April 20, 2020
Today we are witnessing how proactive healthcare measures can save lives. The time is now to apply these lessons to mental illness and substance abuse
Find out about the American Hospital Association's "100 Million Masks Challenge"April 13, 2020Brattleboro Retreat

One way to supplement the growing need for Personal Protective Equipment (PPE) is to join the national movement of volunteers who have started to sew face masks. This generous outpouring is in response to the Center for Disease Control's guidance that fabric masks are a crisis response option when other supplies have been exhausted.

By Steve R. Gordon, President & CEO of Brattleboro Memorial Hospital and April 08, 2020

The Coronavirus pandemic continues to demand timely, innovative solutions that focus on keeping people safe. And as we are learning, these solutions require the willingness of health care institutions to work together for the greater good.

With that in mind we want to reassure our neighbors and friends both locally and across Vermont that the Brattleboro Retreat and Brattleboro Memorial Hospital (BMH) have developed an effective way to address the needs of psychiatric patients with possible COVID-19 needs.

Self-Care Advice from The Anna Marsh Clinic StaffMarch 24, 2020Jilisa Snyder, Ph.D.

NOTE: This article was co-written by members of the Anna Marsh Clinic Staff

As the new and unprecedented reality of a worldwide pandemic sets in, people from all walks of life are grappling with feelings of uncertainty along with understandable emotions including fear and anxiety.

Even in the midst of what seems like a fast-moving situation, we know we will be coping for a period of time with a variety of temporary, but life altering responses, aimed at keeping as many people as possible safe and healthy.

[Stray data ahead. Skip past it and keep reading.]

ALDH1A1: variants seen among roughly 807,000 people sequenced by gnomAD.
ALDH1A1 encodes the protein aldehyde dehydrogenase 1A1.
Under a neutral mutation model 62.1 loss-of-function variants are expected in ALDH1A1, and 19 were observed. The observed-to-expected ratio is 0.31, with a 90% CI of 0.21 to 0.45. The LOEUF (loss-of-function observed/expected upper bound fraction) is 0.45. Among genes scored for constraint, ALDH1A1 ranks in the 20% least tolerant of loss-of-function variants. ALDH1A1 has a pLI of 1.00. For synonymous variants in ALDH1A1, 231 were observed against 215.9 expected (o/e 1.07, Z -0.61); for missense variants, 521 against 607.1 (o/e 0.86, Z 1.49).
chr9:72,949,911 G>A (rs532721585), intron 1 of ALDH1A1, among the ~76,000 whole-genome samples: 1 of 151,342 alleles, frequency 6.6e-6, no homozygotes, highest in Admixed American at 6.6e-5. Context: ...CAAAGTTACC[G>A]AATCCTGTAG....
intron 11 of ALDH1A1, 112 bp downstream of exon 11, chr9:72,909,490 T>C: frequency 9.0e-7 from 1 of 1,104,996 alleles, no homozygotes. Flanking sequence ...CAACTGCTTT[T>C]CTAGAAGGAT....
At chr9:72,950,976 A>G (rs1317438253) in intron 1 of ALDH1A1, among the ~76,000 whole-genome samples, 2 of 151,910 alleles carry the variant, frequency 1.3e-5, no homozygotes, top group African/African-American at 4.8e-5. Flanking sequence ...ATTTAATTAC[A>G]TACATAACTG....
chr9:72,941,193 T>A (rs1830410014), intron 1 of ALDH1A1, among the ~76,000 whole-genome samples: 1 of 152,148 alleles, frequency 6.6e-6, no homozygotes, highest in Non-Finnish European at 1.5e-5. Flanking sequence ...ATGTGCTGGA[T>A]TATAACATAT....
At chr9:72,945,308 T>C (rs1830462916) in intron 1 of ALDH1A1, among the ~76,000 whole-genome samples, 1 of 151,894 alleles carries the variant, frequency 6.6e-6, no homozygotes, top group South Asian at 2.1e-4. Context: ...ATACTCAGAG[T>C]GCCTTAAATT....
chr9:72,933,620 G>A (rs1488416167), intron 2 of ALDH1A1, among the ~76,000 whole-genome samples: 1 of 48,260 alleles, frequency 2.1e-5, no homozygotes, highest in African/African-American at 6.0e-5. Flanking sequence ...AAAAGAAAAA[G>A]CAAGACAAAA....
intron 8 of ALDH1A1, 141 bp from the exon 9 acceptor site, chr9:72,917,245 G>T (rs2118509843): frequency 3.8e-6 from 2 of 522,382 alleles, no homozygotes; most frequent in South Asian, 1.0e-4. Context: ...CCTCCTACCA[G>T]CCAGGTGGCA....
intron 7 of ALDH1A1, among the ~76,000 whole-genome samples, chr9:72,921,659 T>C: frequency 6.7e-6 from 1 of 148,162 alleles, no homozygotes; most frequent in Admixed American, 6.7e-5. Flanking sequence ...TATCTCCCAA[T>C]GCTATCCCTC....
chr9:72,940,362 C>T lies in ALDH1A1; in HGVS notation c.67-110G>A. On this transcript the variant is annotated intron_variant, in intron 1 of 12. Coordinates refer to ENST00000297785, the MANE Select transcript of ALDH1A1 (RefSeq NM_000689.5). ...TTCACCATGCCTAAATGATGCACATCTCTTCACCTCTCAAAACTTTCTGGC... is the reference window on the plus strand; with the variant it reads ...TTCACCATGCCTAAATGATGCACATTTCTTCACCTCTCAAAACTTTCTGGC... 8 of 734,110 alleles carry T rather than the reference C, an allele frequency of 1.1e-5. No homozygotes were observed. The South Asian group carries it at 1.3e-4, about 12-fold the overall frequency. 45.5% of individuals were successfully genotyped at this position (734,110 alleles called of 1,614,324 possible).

March 23, 2020March 23, 2020

Dear Community Member,

As we focus collectively on the threat of the COVID-19 coronavirus, I want to assure you that the Brattleboro Retreat is taking numerous steps to safeguard the health of our patients, staff, and community.

At the same time, we are remaining focused on our core mission to provide quality mental health and addiction services. With the few exceptions listed below, we are continuing to accept admissions across many of our programs.

March 20, 2020Laura Kelloway, LICSW
  1. Put your own oxygen mask on first! Make sure your fears are in check and that you get the help you need to cope during these unprecedented times. Talk to your friends and other supports about this privately, out of earshot from children. With young children around turn off the radio and television when Covid 19 broadcasts are on. With older children limit it; there is only so much any of us can take without feeling anxious.

January 22, 2020

The field of addiction care has seen several important developments in the past 10 years. Many, but not all, have been driven by efforts to respond to the nationwide opioid crisis. From my perspective, the most significant advance in the last decade has been the ‘hub and spoke’ treatment model — an innovation in addiction care that was started here in Vermont and has been adopted by a number of states across the nation.

September 10, 2019Kurt White, LADC, LICSW

Starting Now is the Retreat's intensive outpatient program (IOP) for patients recovering from addiction. But with a full range of outpatient recovery treatment services, it's more like an IOP-plus!

"We use the word 'intensive' because our patients attend between 9 and 12 hours a week of group therapy," explained Heather Humphrey-LeClaire, clinical supervisor. "And the program generally lasts from 5 to 6 weeks."

July 12, 2019

As CEO of Vermont’s largest psychiatric facility, my day-to-day thoughts tend to center on the mental health and addiction issues that impact people in Vermont and neighboring states.  Each year, thousands of adults, adolescents, and children from across the region turn to the Brattleboro Retreat in times of need, and our mission to serve them has never been more critical.

December 07, 2018

It's hard to turn on the radio or visit your favorite online news source these days without coming across a feature story or in-depth series about the state of mental health treatment here in Vermont and nationwide.

More often than not, the media pays a good deal of attention to system inadequacies, regulatory and/or clinical missteps, perceived waste, and poorly coordinated care. Fair enough.